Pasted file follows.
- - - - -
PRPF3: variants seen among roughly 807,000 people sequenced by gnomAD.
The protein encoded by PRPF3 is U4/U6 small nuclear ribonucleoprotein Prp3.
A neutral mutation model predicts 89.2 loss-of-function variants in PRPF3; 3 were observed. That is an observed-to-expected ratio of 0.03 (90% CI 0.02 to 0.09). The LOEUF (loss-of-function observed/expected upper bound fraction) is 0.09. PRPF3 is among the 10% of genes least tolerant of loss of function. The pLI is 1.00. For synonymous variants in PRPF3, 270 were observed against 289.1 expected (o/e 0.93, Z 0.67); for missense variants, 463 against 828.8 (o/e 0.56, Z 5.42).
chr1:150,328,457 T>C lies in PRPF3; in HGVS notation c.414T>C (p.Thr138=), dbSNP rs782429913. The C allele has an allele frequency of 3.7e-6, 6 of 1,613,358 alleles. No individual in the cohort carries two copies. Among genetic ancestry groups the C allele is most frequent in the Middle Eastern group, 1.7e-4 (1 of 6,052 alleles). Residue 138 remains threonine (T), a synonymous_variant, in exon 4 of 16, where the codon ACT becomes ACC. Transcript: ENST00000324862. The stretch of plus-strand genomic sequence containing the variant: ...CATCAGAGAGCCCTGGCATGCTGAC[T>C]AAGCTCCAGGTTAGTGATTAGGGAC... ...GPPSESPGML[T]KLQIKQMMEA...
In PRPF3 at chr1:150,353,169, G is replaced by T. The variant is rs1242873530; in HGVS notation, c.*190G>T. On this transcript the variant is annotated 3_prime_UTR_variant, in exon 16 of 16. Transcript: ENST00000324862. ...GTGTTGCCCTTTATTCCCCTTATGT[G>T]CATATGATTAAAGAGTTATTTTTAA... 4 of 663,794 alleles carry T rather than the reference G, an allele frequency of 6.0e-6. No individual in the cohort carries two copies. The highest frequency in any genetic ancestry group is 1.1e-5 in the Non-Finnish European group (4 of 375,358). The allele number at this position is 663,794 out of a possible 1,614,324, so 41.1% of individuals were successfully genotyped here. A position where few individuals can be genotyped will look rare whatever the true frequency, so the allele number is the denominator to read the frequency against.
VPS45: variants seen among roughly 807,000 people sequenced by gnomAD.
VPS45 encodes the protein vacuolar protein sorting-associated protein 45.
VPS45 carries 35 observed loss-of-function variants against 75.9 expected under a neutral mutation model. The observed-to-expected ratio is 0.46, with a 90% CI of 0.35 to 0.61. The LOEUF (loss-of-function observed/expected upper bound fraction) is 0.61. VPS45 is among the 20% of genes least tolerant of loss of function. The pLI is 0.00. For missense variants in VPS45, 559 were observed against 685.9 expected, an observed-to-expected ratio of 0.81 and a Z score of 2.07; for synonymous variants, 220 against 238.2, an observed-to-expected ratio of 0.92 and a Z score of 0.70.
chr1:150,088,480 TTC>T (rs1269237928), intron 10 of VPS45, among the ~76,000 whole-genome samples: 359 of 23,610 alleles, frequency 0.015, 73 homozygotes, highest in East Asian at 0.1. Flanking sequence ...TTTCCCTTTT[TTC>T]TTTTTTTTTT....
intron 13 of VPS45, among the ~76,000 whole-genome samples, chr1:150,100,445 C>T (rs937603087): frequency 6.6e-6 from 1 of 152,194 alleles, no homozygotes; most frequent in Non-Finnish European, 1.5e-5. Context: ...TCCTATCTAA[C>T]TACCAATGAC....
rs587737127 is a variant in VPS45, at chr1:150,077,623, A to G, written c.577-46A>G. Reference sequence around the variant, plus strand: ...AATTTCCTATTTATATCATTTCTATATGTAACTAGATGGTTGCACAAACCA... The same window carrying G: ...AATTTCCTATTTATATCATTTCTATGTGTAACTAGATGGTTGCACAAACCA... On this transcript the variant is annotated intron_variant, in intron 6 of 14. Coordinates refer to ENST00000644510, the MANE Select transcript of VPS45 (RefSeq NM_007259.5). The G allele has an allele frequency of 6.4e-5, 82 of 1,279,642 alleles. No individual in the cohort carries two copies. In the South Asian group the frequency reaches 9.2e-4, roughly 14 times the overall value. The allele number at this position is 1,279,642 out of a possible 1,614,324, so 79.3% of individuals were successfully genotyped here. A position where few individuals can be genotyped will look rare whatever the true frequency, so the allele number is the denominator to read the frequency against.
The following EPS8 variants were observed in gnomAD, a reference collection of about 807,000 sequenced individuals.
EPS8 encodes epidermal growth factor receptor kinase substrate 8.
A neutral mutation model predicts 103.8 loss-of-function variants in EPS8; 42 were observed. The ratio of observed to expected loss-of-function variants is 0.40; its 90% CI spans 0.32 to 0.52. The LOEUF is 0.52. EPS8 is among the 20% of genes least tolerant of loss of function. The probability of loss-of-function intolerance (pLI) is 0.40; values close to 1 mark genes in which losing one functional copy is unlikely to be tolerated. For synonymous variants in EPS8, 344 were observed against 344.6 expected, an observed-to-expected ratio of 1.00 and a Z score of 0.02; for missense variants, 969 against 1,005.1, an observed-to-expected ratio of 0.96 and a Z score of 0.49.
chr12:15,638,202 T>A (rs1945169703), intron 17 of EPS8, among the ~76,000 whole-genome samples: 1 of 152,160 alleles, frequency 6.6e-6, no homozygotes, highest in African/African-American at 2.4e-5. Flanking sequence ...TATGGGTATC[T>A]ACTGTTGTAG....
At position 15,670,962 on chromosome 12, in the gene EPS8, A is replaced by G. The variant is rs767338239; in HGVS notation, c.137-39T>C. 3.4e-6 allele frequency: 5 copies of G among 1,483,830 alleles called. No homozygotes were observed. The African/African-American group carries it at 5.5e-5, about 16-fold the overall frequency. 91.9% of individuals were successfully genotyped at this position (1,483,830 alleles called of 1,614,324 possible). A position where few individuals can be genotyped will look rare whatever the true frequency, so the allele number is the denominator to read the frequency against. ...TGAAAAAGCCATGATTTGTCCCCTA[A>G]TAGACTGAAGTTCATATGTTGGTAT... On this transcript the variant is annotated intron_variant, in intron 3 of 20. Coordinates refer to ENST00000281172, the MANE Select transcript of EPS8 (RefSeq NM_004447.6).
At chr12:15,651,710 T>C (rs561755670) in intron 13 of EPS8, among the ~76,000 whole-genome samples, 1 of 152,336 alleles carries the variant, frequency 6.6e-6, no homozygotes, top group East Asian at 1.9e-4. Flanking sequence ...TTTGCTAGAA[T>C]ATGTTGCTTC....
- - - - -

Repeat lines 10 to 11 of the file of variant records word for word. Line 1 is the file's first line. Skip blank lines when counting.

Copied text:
intron 13 of VPS45, among the ~76,000 whole-genome samples, chr1:150,100,445 C>T (rs937603087): frequency 6.6e-6 from 1 of 152,194 alleles, no homozygotes; most frequent in Non-Finnish European, 1.5e-5. Context: ...TCCTATCTAA[C>T]TACCAATGAC....
rs587737127 is a variant in VPS45, at chr1:150,077,623, A to G, written c.577-46A>G. Reference sequence around the variant, plus strand: ...AATTTCCTATTTATATCATTTCTATATGTAACTAGATGGTTGCACAAACCA... The same window carrying G: ...AATTTCCTATTTATATCATTTCTATGTGTAACTAGATGGTTGCACAAACCA... On this transcript the variant is annotated intron_variant, in intron 6 of 14. Coordinates refer to ENST00000644510, the MANE Select transcript of VPS45 (RefSeq NM_007259.5). The G allele has an allele frequency of 6.4e-5, 82 of 1,279,642 alleles. No individual in the cohort carries two copies. In the South Asian group the frequency reaches 9.2e-4, roughly 14 times the overall value. The allele number at this position is 1,279,642 out of a possible 1,614,324, so 79.3% of individuals were successfully genotyped here. A position where few individuals can be genotyped will look rare whatever the true frequency, so the allele number is the denominator to read the frequency against.